Through the snowy winter of 1996, Sarlo recorded bedroom demos on his Yahama MT-100 multitrack cassette recorder. With two roommates, he formed the progressive rock band Slept. For five years they played around New England, occasionally venturing into New York.

On Feb. 11, 2000, he woke up on the couch in his apartment. He’d crashed there because he didn’t want to disturb his fiancee, Rachel Dole.

“I usually gave her the bedroom because she was in college and I worked late, so I would let her study with all her books spread out on the bed,” he says. The next morning he found Rachel lying on the floor, propped against the wall in an odd position.

“I remember saying to her, thinking that she was sick, ‘Hey, Rachel, you need to get up and get to class. It’s 10:30.’ When she didn’t respond, I touched her arm. Her skin was cold … I laid her down on the bathroom floor and felt for a pulse. I thought I felt a weak pulse, but I learned later that it was my own pulse. I called 911.”

Paramedics and police arrived. An officer asked Sarlo, “How did you know the deceased?”

Later, at the hospital, he asked a doctor what had happened.

“She said they didn’t know,” he says. “Sometimes a person can catch a simple flu or cold that can short out the patient’s SA node [the heart’s pacemaker] … she was as kind and decent and honest and loving a person as I had ever met. And I was just a loser musician who worked a sh**** job. She was studying to be able to be a teacher of developmentally disabled children.”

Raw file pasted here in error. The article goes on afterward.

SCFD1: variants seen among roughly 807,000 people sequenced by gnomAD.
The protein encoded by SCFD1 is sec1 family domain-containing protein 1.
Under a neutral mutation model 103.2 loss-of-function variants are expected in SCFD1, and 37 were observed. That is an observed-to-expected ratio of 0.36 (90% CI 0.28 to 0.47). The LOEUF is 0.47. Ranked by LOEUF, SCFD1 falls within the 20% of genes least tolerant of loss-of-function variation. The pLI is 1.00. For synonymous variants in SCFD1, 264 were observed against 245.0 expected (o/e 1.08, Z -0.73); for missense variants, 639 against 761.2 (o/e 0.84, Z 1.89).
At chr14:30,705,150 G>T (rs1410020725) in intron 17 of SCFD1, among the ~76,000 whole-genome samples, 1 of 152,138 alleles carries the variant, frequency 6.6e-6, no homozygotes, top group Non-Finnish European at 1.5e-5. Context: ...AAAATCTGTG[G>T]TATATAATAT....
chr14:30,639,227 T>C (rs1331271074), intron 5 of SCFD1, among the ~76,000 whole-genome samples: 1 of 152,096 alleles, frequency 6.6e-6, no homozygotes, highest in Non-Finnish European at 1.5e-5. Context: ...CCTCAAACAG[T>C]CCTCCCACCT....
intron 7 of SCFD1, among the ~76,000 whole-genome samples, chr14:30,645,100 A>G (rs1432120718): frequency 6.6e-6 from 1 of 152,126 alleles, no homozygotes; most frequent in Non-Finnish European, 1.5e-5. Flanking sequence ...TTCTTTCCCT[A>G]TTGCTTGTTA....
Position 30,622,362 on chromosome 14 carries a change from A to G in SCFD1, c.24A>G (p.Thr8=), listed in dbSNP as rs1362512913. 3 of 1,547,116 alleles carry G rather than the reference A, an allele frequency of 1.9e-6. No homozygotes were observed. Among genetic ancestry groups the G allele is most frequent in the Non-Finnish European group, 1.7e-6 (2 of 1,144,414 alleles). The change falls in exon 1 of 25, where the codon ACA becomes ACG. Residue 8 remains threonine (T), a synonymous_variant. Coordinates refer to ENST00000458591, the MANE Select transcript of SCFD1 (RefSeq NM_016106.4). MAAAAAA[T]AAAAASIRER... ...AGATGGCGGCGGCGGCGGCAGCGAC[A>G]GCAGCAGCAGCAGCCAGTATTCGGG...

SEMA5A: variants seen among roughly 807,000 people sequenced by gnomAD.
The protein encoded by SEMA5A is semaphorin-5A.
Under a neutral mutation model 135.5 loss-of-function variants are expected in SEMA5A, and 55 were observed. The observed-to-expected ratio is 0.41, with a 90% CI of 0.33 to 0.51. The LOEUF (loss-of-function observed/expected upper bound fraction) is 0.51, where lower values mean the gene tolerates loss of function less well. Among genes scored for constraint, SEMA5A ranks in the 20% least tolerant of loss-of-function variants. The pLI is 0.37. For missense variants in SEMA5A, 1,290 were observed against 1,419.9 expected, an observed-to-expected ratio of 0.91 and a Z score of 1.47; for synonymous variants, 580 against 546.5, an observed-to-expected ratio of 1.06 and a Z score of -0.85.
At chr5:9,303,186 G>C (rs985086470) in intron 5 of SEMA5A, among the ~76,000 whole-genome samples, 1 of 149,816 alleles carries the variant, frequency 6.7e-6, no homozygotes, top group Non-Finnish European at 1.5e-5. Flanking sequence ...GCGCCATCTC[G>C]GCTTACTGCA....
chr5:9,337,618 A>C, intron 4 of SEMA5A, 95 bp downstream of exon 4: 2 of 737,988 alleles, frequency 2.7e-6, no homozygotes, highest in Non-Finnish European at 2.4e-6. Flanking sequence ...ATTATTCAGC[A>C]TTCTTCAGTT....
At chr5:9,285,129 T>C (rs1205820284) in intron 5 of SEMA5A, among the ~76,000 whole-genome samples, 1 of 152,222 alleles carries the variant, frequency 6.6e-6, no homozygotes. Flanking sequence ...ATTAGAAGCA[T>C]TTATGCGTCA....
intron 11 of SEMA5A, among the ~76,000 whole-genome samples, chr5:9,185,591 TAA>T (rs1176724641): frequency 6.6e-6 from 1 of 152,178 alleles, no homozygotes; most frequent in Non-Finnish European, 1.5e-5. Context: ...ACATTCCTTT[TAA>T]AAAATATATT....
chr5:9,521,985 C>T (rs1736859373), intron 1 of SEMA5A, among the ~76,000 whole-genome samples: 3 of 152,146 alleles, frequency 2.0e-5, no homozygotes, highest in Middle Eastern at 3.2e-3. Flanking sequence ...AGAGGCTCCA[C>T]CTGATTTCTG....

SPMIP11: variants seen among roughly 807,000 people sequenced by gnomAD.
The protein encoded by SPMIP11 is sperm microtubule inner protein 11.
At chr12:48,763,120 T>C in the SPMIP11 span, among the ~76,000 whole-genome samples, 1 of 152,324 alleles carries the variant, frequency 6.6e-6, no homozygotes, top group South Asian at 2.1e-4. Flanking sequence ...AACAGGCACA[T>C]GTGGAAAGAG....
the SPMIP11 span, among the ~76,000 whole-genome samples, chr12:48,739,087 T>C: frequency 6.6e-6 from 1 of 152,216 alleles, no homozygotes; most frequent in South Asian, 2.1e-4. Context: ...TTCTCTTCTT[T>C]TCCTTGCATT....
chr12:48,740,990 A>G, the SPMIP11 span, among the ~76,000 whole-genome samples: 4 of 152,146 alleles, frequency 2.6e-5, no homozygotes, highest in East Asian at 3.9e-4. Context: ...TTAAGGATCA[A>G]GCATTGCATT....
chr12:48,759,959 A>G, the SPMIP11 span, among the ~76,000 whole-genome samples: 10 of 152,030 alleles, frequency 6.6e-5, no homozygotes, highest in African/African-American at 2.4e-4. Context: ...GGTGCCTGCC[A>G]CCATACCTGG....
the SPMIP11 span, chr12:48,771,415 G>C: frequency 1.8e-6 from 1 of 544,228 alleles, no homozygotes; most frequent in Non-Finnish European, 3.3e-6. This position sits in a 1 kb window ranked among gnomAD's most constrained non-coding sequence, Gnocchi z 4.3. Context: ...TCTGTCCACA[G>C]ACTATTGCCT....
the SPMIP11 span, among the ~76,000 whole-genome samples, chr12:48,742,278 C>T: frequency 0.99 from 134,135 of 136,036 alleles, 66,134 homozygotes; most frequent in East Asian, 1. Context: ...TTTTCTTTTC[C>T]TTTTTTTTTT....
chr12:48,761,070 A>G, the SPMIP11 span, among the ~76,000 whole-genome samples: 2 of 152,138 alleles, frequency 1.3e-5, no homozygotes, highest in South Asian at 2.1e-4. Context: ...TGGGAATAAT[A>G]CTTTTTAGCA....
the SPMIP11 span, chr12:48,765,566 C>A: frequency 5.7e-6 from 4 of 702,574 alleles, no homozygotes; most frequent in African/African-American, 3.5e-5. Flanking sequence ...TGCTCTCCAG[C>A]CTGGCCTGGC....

That was the second time Sarlo quit music.

“In the summer of 2000, I had a nervous breakdown, and … piled everything I owned into a U-Haul and drove 20 hours straight, back to Little Rock, where I crashed in a friend’s spare bedroom for five months, just staring at the walls, and doing nothing … I walked away from it all. I sold all of my guitars, my amps, all of my gear. I didn’t keep so much as a patch cable or an errant set of guitar strings. I was done with music.”



Then he met Sarah. They married after three months.

Shortly after the wedding, Sarlo’s 16-year-old half-sister was killed when she was hit crossing the street in Laredo, Texas. Sarlo and his new wife moved to Tucson, Ariz., to be with his mother. It was a year before they came back to Little Rock.

“I entered nursing school, which meant I was forced to stop smoking pot or else risk being drug-tested and kicked out of school,” he says. “To help with the stress, I bought a little Ovation ukulele. I spent all of my down time plucking on it … relearning how to write a song. Being forced from six strings down to four teeny strings on a faint, tiny instrument forced me to focus keenly on my vocals. In the Techno Squid days, I sang loud and passionately, with little focus on tone or precision. While writing song bits on a ukulele, that singing style’s inappropriate. I began to toy with falsetto, and altered my style to sing softly, lasering in on exact pitch and tone.”

He says now he was relearning “what a song could be.” His current single “P.T.” was born in that period.